For the humid climate, we discussed the use of more natural ways to achieve the same results but using plants (willows). Slower process, but less impact in the construction, more maintenance and observation of the processes required but hopefully this would lead to seeing how these peak rain events affect the system over time.
    Thanks for the Pic’s Geoff.

  2. Hi Geoff,
    Its incredible how clear the water is. Beyond compare to the Jordan… not to mention my local river the Yarra haha. Looking at the gambions, they seem very effective, but is the use of those very big boulders causing the gambion to be too leaky? would using a greater number of smaller boulders on the down stream side be better to retain water for longer periods?

    *addressed to Nick*
    which type of willow are they using there? weeping or black willow? i am exploring the use of black willows, seems they put on more growth.

  3. Hi Adam

    At Mulloon Creek, mainly Crack Willow (Salix fragilis) were used, partly because there were plenty already on the property to take cuttings from but also because they are considered faster growing. However, there were a number of Weeping willow (Salix babilonica) cuttings planted at the same time and in my opinion they have not been far behind the fragilis in growth rates at all. Since they are less invasive and more beautiful (in my opinion), why not go for the babilonica.

    By the way, although the willows play a very important bio-engineering role holding the rock structures together, we are aiming to manage the system in such a way that the willow crowns are kept at a density that balances the need for a healthy root structure, whilst not shading out the reeds that will take over the system. Coppiced branches from the willows can either provide excess organic material on the upper edge of the structures, or provide valuable fodder for stock during early autumn.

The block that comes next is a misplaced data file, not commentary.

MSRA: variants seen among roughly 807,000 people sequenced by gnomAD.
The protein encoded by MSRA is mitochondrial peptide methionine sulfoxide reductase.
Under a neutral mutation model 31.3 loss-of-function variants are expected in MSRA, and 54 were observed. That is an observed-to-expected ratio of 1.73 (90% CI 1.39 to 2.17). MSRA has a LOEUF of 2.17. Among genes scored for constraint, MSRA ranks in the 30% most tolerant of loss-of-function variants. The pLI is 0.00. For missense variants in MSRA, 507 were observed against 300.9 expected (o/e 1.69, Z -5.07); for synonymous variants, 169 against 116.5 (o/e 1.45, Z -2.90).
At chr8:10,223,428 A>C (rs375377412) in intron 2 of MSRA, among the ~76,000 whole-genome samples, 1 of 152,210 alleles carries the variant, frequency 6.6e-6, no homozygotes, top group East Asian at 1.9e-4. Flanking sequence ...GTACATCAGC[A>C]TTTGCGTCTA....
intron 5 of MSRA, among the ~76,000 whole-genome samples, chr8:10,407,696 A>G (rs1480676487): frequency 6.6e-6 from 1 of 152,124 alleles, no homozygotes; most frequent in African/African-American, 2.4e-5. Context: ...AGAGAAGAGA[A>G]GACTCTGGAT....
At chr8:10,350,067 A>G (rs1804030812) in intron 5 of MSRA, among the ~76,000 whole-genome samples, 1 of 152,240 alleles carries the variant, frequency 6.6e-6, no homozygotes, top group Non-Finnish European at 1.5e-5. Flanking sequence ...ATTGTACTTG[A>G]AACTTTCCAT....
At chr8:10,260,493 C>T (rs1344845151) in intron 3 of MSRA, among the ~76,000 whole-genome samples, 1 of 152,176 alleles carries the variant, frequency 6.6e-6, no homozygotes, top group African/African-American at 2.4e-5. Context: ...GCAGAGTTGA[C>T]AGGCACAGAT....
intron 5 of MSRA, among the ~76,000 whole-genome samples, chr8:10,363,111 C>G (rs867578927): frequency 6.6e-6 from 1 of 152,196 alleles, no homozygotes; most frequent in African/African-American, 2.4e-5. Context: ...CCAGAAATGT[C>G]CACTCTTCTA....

Having said that, at Tarwyn Park, Peter Andrews originally planted around 3,000 willows 30 years ago. Now, they are only 10% of the vegetation and in many places the Casuarinas have overtaken and shaded the willows out (they are only a pioneer species after all, and once the system’s health was restored from Peter’s efforts, other species have proved more vigorous).

    All the best, Cam

  4. Up in the hills here I live large areas of marshland has been drained to give room for tree planting. The result is that the rivers overflow during heavy rainfall, and in dry periods they dry out too much, giving problems for the fish. The marshland used to function exactly like the silt ground behind these gabions.

    Also the birds Gavia arctica and Gavia stellata have got problems as they nest just down by the water shores, and their nests become overflowed during rainfall because of the draining of the marshlands. Some places they try to make artificial floating islands where these birds can nest.

  5. Hi Cam,
    Thanks for the reply! i’m rather infatuated with broadleaf trees and nitrogen fixers! would love to visit Mulloon and Tarwyn, the perfect pilgrimage. i’ve read both of Peter Andrew’s books while i was on a placement in the country. its changed me ever since and launched me straight into sustainability.that together with greening the desert movement, has motivated me more than ever to own land and transform australia. we’re full of great ideas so we have to show the world!

  6. What can be used in a gabion besides stone? I want to construct some as a silt dam to slow down runoff from a neighbor’s field. I had hoped that the silt collection would raise an area that is prone to flooding. Are gabions a good choice? My other option would be bamboo.